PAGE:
Issue: What are the standards for amendment of complaints under California law?
|Area of Law:||Litigation & Procedure|
|Keywords:||Amendment of complaints; Standards|
|Cited Cases:||355 U.S. 41; 520 U.S. 939; 866 F.2d 1149; 646 F.2d 342; 63 F.3d 1512; 198 F.3d 752; 866 F.2d 11; 481 F.2d 1187; 371 U.S. 178; 833 F.2d 183|
|Cited Statutes:||Fed. R. Civ. P. 15(a)|
At early common law, pleading practice was surrounded by such rigid formalism that misspelling the name of the town where the cause accrued could be a fatal defect. See generally, TA s "Peter J. Donnici, The Amendment of Pleadings – A Stu" c 1 l "Peter J. Donnici, The Amendment of Pleadings–A Study of the Operation of Judicial Discretionin the Federal Courts, 37 So. Cal. L. Rev. 529 (1964)"Peter J. Donnici, The Amendment of Pleadings – A Study of the Operation of Judicial Discretion in the Federal Courts, 37 So. Cal. L. Rev. 529, 529 (1964) (hereinafter “Donnici”). Fortunately, the Rules now reject the archaic approach that viewed pleading as a game of skill in which one misstep by counsel decided the outcome of the case; instead, the Federal Rules accept the principle that the purpose of pleading is merely to facilitate a proper decision on the merits. TA s "Conley v. Gibson, 355 U.S. 41, 48 (1957)" c 2 l "Conley v. Gibson, 355 U.S. 41 (1957)"Conley v. Gibson, 355 U.S. 41, 48 (1957). Thus, pleadings should direct attention to the general set of facts that gave rise to the cause of action so that the opposing party may properly channel discovery efforts.TA s "Conley v. Gibson, 355 U.S. 41, 48 (1957)" c 2 Id. at 48.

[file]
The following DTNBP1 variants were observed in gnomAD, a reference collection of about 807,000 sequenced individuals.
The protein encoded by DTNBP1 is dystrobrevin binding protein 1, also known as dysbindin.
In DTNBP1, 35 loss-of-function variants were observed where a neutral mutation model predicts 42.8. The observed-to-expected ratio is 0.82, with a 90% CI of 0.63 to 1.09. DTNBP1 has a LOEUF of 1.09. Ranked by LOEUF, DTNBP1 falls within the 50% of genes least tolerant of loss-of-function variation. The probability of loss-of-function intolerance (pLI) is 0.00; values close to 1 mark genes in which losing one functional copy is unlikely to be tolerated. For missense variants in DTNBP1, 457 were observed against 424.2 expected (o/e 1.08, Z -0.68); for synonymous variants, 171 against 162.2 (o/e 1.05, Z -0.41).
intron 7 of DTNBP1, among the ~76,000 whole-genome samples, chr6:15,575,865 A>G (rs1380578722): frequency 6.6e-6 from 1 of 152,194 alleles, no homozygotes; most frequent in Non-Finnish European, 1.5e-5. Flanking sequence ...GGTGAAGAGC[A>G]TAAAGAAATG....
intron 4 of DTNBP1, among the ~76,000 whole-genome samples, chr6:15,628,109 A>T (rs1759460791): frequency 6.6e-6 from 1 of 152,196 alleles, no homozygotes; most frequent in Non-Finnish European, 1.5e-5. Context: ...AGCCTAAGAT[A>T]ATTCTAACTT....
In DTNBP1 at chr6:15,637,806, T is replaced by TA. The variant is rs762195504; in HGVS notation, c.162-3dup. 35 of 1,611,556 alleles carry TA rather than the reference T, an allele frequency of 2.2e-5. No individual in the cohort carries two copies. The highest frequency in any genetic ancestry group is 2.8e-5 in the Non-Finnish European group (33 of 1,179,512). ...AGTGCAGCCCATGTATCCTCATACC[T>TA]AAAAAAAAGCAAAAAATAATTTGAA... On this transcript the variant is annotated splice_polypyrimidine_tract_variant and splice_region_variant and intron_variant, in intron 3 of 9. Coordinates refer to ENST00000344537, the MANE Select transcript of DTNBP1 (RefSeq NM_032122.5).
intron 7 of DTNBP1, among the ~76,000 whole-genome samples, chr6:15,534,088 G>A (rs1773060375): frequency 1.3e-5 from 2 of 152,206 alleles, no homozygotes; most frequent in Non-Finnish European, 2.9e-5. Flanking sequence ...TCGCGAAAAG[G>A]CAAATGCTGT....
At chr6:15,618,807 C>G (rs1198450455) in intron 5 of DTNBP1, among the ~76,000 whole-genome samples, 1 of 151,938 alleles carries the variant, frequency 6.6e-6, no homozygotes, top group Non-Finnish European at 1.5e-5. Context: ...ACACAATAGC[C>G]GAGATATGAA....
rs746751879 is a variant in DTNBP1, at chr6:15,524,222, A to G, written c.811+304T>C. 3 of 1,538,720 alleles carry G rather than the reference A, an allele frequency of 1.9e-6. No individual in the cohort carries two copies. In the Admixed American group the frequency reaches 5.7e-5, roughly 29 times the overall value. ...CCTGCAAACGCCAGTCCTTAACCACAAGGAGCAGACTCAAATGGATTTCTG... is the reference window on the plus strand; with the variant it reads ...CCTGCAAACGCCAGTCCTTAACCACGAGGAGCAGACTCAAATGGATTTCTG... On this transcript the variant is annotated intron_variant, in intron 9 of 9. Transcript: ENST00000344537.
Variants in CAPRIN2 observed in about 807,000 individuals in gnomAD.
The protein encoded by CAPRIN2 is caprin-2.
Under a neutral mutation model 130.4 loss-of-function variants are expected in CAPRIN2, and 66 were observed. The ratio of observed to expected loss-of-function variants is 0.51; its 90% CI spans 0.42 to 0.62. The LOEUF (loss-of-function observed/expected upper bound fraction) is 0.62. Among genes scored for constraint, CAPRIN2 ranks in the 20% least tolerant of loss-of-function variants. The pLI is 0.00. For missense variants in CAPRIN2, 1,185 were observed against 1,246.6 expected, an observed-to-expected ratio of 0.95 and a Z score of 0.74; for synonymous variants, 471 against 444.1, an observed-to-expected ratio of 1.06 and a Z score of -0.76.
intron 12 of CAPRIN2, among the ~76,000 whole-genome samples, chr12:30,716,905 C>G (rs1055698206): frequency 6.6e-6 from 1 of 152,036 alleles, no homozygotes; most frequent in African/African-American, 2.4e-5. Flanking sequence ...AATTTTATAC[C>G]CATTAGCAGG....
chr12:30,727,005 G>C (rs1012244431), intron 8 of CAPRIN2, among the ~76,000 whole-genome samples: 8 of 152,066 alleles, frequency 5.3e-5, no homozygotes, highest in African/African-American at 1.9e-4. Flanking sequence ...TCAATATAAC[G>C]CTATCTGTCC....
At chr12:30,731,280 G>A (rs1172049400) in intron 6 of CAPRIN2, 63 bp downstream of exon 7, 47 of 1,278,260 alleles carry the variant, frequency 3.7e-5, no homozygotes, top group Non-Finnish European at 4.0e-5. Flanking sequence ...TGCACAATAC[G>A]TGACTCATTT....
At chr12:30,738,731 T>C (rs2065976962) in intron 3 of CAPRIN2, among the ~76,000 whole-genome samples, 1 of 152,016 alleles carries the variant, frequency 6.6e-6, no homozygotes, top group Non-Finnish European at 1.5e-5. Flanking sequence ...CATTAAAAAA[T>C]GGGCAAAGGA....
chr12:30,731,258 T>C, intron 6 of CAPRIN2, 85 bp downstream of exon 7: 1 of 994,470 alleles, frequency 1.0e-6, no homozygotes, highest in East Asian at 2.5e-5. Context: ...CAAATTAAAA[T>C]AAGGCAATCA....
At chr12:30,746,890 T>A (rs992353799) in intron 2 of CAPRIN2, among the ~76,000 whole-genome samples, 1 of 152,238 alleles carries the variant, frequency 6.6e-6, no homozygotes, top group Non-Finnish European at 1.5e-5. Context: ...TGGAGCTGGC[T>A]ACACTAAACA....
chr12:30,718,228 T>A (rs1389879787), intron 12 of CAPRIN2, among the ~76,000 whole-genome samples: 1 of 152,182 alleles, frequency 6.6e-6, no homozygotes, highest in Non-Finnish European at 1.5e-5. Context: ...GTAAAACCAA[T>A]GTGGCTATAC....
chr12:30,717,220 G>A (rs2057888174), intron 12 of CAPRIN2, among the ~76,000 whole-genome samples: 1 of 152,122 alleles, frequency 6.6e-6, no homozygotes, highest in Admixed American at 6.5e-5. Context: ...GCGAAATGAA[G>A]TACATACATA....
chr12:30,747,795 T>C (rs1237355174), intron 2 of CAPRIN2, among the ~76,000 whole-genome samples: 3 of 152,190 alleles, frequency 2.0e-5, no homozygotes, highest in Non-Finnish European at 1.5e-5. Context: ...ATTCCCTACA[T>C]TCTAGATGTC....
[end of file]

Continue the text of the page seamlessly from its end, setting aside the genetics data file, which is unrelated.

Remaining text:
Rule 15(a) provides that:
A party may amend the party’s pleading once […]
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